We’re delighted to share a sneak peek at a moving, enlightening, and important book we’re publishing this October, Christopher Rothko’s Mark Rothko: From the Inside Out. Below is an excerpt from one of the book’s 18 essays, a piece entitled Ceci n’est pas un frigo.
Ceci n’est Pas un Frigo, by Christopher Rothko
“Refrigerators! Big, squashy refrigerators,” my college girlfriend proclaimed with glee. Nodding with excitement, her Spanish-speaking great-grandmother understood just enough to signal her agreement.
My father, who bemoaned the commercialization of art, who ran screaming from the functional, who would rather have died than decorate, who chafed beneath the yoke of his first wife’s jewelry-making tasks, had just had his work thrust decisively and unceremoniously into the world of the utilitarian. His art, certainly not for the last time, had become a lifestyle product.
In the moment, I laughed, and I think my father would have laughed too, but the interaction made me ask myself just how often similar scenarios have played themselves out. Was the scene I had just witnessed a manifestation of a broader tendency—a need—to recast the amorphous into a readily identified object? Not just with Rothko, but foremost with Rothko, what was this urge to render the unfamiliar something recognizable? What psychological necessities instinctually make us attempt to transform the abstract into the concrete? Is there something inherently unstable in abstraction? Something threatening? Something ominous? Or is there really an irresistible suggestion in the format of a classic Rothko, a facet so basic that it compels viewers to make the painting something other than a painting?
There was more than an element of the truth to my girlfriend’s association, especially for anyone so blessed to have experienced that decade known as the ne plus ultra in all aspects of design and fashion, the 1970s. The refrigerators of that era were not only rectangular but also sported a darkish band of color around the perimeter, with the ever so slightly lighter main area of the panel melding into it with a soft, feathery edge. Very Rothkoesque, indeed. Then there were the colors; deep, muted earth tones—rusts, mustard, puce. I was fortunate enough to grow up with appliances in a tone that aspired to olive, perhaps an olive just past its prime. “Menopause green,” a friend called it.
Undeniably, because of the basic geometric “rectangular” shape featured in Rothko paintings of the 1950s and ’60s, there is a broad spectrum of real world items that might be evoked by Rothko paintings. They seem to invite free association—my friends or acquaintances were always particularly keen to share theirs with me. Indeed, I had not been married twenty minutes before a trio of my newly acquired uncles inserted themselves between me and my wife, proudly declaring the paintings “screen doors.” My experience is hardly unique, however, as this way of “fixing” a Rothko in the familiar occurs in print nearly as often as in speech.
Even associations that acknowledge the works’ essential blankness speak to our need to fill them up with images. The commonly applied window analogy is a prime example. First, it is a response to the basic rectangular shape and the division of the painting into different “panes” by means of thin bands of color, met by the viewer’s need to reify the abstraction into a familiar object. But the object is itself very telling—telling of our need to explain away the perceived emptiness by placing its emptiness in the service of things that fill it up. For when we look through a window, we hardly notice it. It is, at least by poetic definition, a passage or portal to things beyond. What lies through that Rothko window is a function of our own imagination; it can be as “real,” as physical, as recognizable, as we like. We commence a process, when we gaze through a window pane-ting, that gets our focus off the work itself and on to what it might be.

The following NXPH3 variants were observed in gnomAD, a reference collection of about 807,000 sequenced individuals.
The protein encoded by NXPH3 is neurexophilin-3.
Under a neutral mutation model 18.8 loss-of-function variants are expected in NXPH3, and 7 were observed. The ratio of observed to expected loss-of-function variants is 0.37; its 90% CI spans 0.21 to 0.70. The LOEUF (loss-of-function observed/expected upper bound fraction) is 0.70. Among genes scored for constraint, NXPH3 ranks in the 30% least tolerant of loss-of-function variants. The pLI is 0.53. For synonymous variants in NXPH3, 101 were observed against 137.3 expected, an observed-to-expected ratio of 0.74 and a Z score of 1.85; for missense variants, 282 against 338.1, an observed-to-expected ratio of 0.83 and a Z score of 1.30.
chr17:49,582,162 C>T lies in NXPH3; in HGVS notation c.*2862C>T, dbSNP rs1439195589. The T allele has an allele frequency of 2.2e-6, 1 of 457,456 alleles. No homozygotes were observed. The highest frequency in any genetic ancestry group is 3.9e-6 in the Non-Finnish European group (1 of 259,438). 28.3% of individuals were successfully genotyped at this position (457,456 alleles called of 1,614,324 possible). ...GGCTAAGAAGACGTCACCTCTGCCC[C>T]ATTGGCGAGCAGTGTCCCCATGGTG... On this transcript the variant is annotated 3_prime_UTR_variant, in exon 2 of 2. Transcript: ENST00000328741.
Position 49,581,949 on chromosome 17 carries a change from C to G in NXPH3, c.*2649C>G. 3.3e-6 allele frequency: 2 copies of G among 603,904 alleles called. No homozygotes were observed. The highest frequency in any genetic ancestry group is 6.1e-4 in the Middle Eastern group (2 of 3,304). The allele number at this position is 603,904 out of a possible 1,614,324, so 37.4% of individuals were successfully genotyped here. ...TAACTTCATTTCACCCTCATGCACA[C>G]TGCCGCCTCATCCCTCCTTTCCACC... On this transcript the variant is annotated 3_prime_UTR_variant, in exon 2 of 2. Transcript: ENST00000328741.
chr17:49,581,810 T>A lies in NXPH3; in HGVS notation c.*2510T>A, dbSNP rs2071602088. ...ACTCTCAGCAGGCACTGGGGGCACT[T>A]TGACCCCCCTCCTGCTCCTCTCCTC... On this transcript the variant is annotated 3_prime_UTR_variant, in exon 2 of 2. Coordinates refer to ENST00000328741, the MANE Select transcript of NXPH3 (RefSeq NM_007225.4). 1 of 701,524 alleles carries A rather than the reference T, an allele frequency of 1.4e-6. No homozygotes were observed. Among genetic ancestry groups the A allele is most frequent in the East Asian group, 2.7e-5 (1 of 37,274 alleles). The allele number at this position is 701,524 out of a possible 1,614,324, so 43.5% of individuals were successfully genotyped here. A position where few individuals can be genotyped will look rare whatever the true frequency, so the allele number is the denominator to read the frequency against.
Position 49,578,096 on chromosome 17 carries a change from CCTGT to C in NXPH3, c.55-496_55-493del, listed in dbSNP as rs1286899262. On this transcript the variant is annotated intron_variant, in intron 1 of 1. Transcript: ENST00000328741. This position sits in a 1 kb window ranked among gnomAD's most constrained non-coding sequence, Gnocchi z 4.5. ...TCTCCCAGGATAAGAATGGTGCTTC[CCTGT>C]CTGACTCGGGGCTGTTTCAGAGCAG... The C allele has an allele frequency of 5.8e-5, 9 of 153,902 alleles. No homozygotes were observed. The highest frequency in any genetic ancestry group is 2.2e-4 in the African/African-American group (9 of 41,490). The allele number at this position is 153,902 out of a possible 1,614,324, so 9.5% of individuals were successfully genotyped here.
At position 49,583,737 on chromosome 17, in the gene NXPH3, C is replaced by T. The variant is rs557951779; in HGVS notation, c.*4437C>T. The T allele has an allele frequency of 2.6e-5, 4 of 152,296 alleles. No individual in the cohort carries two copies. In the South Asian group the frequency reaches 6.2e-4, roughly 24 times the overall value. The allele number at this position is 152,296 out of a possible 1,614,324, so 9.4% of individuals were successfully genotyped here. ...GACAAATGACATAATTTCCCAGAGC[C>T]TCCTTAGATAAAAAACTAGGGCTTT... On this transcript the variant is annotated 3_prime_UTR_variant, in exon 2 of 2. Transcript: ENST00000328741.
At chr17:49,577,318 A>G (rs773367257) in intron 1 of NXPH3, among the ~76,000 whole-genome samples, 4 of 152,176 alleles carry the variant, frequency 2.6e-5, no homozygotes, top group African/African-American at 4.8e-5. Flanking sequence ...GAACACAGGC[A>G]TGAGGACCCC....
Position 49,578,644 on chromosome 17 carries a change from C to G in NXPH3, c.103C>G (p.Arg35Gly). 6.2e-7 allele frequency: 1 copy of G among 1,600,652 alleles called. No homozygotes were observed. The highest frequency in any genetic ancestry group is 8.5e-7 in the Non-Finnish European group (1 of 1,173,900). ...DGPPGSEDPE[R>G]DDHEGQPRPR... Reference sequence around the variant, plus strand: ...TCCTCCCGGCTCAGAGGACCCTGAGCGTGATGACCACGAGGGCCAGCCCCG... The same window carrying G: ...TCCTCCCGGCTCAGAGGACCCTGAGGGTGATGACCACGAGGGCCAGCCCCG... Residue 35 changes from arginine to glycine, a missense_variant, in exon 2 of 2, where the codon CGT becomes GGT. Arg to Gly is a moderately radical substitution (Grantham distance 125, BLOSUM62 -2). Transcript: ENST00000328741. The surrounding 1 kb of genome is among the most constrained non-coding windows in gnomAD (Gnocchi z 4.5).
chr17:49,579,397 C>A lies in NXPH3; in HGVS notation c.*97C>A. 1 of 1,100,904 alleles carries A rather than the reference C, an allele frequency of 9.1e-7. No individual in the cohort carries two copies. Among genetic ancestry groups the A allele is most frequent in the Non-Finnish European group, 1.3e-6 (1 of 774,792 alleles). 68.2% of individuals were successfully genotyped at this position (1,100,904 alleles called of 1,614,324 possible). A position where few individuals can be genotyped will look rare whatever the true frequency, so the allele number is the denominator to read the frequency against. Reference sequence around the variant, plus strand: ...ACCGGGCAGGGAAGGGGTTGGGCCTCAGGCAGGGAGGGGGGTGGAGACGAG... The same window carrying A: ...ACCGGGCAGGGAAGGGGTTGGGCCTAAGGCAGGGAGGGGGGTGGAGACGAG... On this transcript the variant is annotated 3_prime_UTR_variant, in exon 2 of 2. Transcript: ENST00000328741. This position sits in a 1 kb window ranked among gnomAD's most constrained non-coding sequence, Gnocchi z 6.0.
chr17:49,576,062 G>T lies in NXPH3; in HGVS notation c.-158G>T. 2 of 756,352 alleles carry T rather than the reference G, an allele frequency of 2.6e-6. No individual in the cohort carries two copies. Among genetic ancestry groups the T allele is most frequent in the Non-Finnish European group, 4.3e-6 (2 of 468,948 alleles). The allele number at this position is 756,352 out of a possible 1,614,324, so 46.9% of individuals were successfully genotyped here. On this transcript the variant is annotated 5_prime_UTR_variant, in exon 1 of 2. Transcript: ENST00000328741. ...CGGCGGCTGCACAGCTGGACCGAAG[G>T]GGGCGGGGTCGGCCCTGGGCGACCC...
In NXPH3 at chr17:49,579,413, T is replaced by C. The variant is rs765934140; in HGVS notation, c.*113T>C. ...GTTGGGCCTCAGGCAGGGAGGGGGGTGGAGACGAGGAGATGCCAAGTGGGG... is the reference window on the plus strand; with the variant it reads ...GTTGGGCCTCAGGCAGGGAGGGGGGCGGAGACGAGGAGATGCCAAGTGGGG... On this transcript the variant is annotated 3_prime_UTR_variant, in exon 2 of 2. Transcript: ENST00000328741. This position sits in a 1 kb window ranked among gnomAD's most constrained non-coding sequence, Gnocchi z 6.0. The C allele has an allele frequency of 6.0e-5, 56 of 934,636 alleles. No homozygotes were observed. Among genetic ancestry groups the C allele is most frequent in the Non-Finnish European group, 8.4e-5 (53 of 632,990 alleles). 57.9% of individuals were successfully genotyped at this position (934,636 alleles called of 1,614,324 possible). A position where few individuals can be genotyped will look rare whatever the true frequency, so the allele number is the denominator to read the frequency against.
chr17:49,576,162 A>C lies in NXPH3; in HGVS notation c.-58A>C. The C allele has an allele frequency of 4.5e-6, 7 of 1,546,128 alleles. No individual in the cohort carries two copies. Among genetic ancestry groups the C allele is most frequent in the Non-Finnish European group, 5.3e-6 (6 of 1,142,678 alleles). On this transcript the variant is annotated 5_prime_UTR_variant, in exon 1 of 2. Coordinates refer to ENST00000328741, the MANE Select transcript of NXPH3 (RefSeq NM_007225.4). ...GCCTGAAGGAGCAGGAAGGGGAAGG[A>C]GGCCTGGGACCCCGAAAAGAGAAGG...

If you look squarely into the Rothko void, however, its fullness becomes much more evident. There is nothing nihilistic about these paintings, not even the most austere late works. The human hand and the human spirit infuse these works, and in the simple act of painting, Rothko affirmed that spirit. If we feelthat, it becomes easier to see that the paintings suggest depth, not emptiness. And if we see that, it becomes easier to say, “There is something there,” knowing that the painting will respond, “Yes, there is.” This exercise that we conduct with a Rothko painting is very much what we carry out each day more broadly in our lives: we affirm the meaningfulness of our existence. When we stop frantically filling our world with refrigerators and screen doors and televisions and running shoes, we can see that we do not have to fill the void with something, we can simply be part of the something. Indeed, our existence creates that somethingness. To communicate with a Rothko painting is to feel that something, to experience the substance of being, the substance of our humanness. Perhaps not to see it or speak it or describe it but simply to know that it is there. It is a process that is, at once, so very abstract and so very concrete.
Christopher Rothko, a writer and psychologist, chairs the Board of Directors of the Rothko Chapel, Houston, and is actively involved in managing the Rothko legacy by organising and presenting exhibitions of his father’s work around the globe.